Today has been just the kind of day that puts optimism back into one's vocabulary. It's been absolutely beautiful, a nice soothing temperature with a gentle breeze from the south end of the pond. After months of mud and gloom on the farm it is such a wonderful change, and a welcome and much needed relief. Since rain is regrettably in the near future I planned to, and did manage to ride all three of the horses I currently have working under saddle. After I had let them eat their breakfasts I started with Kitty, my oldest mare, and for a change of scene from the dressage arena, I rode her on the spot of land between the little pond and our neighbors.
This small field has been my favorite place to work a horse since we moved out here 15 years ago, in no small part because of the shade from bordering big oaks. More recently it has become a bit smaller and parts of it are quite soggy thanks to the resident beaver having raised the level of the top of the dam and thus the water level has raised and has encroached on the area.
It is an ongoing, epic battle for us out here with these flat tailed buck toothed, rodents, and so far he is way ahead. The game goes like this...if there is a tree to be chewed up, he does, it dies. Then he uses it to make a higher dam, or increase the size of his condo, or block the overflow pipe, just generally just being royal pains in the butt by flooding land and killing trees. I knock the damn dam down and next day it's back in place. Round and round ad nauseum. Beavers also know when you have a gun and when you don't. When you don't, they will taunt you by swimming past you and flap that damn flat tail, usually when you are least expecting and scare the crap out of you. Have a gun with you in the boat or on the edge of the pond and where are they? no where to be seen.
Our current beaver has a nice large condo of mud and logs, and old duck box parts all piled up at the shallow end of the big pond, and just recently managed to harvest one of the willow trees we had planted two years ago on the edge of the pond and had carefully covered with the anti beaver fencing around its trunk. I haven't found whether he used this tree for a dam or his den yet. We have dynamited the den a few times, and have managed to shoot a few of our resident beavers with rifles, but when one dies, several more of his kin just move up from the creek below the house. The amount of destruction and cost of cleaning up this rodent's artistry has been almost unfathomable. I hate them but am somewhat resigned now that we are only players in their world.
Any way, after Kitty, I rode Sunset, my most wonderful red mare, had a super session with her and then took her to eat the lush green fescue grass on the driveway edge. There is a such a desperation in the horses now for the green stuff. I have to admit feeling the same but my interest is not in the food value of grass but more in line of the healing quality color of green in general. There is some speculation that horses are color blind. I don't know for sure but I know that a horse can tell shades of green and know which grass is going the be the most choice by that, the paler the green the more tender and most wanted.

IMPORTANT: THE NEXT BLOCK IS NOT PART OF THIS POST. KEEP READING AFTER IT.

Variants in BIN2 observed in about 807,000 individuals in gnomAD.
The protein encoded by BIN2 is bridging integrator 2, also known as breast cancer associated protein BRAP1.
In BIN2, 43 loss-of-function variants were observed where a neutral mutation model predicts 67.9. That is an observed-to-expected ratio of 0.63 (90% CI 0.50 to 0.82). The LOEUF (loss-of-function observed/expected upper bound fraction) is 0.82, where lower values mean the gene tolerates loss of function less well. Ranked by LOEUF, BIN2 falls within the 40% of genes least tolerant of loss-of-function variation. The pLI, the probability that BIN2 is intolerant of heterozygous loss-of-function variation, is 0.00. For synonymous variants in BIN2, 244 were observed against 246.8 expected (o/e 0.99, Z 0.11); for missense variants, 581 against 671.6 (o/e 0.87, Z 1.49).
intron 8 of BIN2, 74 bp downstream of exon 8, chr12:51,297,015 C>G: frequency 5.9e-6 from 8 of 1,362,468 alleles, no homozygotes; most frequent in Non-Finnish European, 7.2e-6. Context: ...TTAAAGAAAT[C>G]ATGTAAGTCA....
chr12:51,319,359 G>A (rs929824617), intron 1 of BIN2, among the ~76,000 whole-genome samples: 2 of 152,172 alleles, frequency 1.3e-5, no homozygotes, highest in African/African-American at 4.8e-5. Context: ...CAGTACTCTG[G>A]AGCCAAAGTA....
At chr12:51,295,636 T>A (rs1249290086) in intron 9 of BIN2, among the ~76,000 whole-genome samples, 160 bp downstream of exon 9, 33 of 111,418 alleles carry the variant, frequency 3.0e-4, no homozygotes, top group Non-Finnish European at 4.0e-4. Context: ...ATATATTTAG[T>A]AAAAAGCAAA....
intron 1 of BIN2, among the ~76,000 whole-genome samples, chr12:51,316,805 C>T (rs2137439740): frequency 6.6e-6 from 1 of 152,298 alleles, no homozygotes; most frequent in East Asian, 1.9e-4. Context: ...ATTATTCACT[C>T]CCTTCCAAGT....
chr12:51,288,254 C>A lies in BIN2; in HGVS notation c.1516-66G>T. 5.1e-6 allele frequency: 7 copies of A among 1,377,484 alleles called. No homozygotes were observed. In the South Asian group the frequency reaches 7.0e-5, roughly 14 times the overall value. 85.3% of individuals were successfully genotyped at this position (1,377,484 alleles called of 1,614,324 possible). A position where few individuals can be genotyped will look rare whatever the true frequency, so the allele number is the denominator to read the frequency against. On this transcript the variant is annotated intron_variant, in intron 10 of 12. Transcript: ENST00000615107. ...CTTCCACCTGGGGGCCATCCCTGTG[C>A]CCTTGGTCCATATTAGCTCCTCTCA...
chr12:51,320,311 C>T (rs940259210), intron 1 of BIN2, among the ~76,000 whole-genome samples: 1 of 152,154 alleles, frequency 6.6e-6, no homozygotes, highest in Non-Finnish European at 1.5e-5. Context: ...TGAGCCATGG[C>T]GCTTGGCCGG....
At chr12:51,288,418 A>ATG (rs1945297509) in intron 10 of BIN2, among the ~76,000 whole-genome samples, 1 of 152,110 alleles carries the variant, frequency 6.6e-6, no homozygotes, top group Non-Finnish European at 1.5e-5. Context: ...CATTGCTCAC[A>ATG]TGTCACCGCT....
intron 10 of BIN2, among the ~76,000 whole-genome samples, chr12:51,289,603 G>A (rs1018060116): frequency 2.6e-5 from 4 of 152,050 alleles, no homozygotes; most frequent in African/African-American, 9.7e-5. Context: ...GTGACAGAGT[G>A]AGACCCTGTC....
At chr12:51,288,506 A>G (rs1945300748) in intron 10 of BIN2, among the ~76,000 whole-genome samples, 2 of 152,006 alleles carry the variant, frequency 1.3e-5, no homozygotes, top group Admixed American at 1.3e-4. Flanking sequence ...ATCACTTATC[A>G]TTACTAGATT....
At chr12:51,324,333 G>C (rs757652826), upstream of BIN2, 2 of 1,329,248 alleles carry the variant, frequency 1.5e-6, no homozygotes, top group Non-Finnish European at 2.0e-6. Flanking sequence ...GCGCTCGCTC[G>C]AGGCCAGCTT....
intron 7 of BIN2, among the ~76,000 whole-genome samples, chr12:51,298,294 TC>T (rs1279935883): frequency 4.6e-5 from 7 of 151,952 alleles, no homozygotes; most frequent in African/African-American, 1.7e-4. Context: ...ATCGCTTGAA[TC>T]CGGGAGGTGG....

It is shedding season now for the horses and I am still wearing, breathing, and eating the hairs that were loosened when I brushed them off. I also hate shedding season but am resigned here too in that when its done , once again my furry yaks will be glossy lovely beasts again. Horses, like cars, drive or ride better when they look good. The birds are glad its shedding season and come in to the barn to pick up the hairs I knock off me and the brushes to line their nests.
I was standing in the aisle of the barn between rides today and heard the most wonderful sound I can think of, couldn't see its origin but I heard them. Purple Martins. These fabulous birds are the quintessential harbingers of spring to me. The quiet chirping, clicking songs they sing as they fly around over the farm and the pond are hypnotizing, inducing a smile on my face every year they return and grace us with their melodies. Today there were two males and two females. They flew around the farm for a while, and then they circled the houses and finally lit, and began checking out the housing situation for this year. The females did most of the decision making in this area and the males politely sat on the top of the house and chirped, resplendent in their glossy purple garb. They never seem to stay long enough for me in the summer, when they migrate back south, but for today they lifted my spirits and I look forward to hearing then chatter over my farm for several months to come.
Tomorrow calls for more rain and I have plenty of rainy day stuff to get finished but for now I will head back out and soak up the remains of a splendid spring day. I might just get on the tractor and go assault the beaver dam again too.